Posts Tagged ‘prejudice’

69 Days of Wonder Woman, Day 4: Tools of the trade

October 28, 2010

“Wonder Woman is actually a dramatized symbol of her sex. She’s true to life — true to the universal characteristics of women everywhere. Her magic lasso is merely a symbol of feminine charm, allure, ‘oomph,’ attraction. Every woman uses that power on people of both sexes whom she wants to influence or control in any way. Instead of tossing a rope, the average woman tosses words, glances, gestures, laughter, and vivacious behavior. If her aim is accurate, she snares the attention of her would-be victim, man or woman, and proceeds to bind him or her with her charm.”

“Lasso of Truth” by Samurai Pet.

“Woman’s charm is the one bond that can be made strong enough to hold a man against all logic, common sense, or counterattack. The fact that many women fail to make strong enough lassos for themselves doesn’t deprive the lasso material of its native magic. The only thing is, you have to use enough charm to overcome your captive’s resistance.”

(William Moulton Marston, creator, qtd. in girlfriend Olive Richard’s Family Circle article “Our Women Are Our Future,” August 14, 1942.)

Michael Turner.

Disagree. Dislike. First of all, if I think someone is not as in to me as I am to them, I soundly give up: I really never expected them to be reciprocally interested in me to begin with and I hate admitting to having feelings, let alone letting those feelings make a fool of me. Nothing I hate more. I am supposed to be impervious and deflect all attention. Upping my game and maybe getting shot down again is the absolute last thing I would ever do. So the idea that I need to re-aim and throw my lasso again is round bullshit to me. No way am I going to tip my hand like that and risk that people know I Feel Ways About Things.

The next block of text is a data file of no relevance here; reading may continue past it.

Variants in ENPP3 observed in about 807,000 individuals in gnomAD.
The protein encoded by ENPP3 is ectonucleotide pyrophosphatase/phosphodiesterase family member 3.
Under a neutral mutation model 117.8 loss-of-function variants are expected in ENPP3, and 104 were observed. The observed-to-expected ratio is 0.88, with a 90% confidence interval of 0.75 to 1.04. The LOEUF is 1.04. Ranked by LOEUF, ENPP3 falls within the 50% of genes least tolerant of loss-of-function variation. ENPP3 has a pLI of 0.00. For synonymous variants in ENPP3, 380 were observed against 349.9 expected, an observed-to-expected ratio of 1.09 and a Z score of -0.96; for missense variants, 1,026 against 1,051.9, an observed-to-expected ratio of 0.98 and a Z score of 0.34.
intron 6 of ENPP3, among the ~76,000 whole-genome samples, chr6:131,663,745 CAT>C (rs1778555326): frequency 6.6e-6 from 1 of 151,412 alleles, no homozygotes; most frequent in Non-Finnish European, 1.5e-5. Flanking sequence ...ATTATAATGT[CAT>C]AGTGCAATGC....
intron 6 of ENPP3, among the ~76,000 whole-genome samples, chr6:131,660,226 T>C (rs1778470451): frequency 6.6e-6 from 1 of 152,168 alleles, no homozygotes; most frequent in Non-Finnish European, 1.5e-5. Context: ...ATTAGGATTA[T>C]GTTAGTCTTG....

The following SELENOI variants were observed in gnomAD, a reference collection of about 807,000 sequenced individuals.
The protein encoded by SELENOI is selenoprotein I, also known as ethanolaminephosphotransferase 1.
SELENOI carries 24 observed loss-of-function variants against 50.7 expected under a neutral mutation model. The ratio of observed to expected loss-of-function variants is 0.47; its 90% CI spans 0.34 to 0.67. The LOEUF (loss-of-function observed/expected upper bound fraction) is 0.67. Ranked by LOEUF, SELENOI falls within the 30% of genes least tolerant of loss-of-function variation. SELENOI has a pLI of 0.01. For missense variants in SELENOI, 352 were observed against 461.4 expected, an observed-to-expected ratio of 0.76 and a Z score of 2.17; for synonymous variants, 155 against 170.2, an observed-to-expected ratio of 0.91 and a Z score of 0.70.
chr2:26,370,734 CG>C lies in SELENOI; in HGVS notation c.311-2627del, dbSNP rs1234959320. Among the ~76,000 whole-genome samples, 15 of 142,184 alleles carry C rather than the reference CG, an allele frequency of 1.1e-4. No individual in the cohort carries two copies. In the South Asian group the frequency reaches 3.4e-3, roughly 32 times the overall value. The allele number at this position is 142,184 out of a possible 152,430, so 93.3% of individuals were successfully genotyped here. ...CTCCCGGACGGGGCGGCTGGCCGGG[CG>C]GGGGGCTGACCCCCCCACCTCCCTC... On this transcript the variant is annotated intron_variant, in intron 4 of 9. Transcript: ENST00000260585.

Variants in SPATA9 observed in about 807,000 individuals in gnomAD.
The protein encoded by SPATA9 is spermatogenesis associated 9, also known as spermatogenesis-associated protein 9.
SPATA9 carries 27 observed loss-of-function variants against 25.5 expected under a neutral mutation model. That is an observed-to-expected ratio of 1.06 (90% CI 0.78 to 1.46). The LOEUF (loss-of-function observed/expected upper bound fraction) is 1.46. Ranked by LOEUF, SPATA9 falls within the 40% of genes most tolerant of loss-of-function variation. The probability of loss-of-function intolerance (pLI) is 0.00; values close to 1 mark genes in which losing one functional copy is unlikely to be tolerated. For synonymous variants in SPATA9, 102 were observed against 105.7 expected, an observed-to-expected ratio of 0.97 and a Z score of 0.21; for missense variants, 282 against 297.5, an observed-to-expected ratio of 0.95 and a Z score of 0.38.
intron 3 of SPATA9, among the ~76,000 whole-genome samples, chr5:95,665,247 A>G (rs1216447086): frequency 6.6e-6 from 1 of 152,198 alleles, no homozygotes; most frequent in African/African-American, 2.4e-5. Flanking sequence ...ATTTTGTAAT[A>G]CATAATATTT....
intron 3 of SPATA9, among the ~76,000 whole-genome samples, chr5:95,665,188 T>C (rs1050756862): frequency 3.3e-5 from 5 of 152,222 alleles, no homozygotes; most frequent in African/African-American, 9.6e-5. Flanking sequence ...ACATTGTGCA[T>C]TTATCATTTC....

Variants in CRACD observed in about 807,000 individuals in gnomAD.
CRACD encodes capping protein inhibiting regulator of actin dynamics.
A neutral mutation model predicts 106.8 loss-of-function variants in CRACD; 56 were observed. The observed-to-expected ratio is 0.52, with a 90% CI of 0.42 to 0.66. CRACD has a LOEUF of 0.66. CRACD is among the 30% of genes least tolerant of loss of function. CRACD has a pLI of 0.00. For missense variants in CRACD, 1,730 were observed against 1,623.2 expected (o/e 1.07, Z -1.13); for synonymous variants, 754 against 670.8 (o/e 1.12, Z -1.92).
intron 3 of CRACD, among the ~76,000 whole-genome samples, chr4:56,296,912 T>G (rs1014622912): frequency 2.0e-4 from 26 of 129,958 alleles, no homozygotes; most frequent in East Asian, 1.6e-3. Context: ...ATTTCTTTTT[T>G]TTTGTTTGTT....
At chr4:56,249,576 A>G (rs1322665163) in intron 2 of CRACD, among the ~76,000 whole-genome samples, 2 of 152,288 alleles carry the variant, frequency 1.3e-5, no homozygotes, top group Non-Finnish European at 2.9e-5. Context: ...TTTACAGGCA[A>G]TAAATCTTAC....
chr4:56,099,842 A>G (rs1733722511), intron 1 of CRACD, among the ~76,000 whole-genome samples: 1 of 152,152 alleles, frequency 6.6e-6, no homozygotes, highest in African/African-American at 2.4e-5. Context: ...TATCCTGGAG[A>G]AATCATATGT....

But, my sad and complicated shit aside, secondly and more widely applied, I also dislike the idea of telling chicks that you have all the charm you need, you just need to work harder because it sets up false expectations in women, who probably have enough going already without further blaming themselves for what they perceive to be failures in romance, and redoubling an effort that may be toward a pointless cause to boot. I believe the expression is “He’s just not that in to you,” yes? So what? Glance down the bar and see if someone is looking at you and quickly looks away. Oh, no, his collar isn’t popped and he does not know the cool jam on the jukebox? Talk to him anyway. You will be surprised.

“Old School Wonder Woman” by Lauren Montgomery.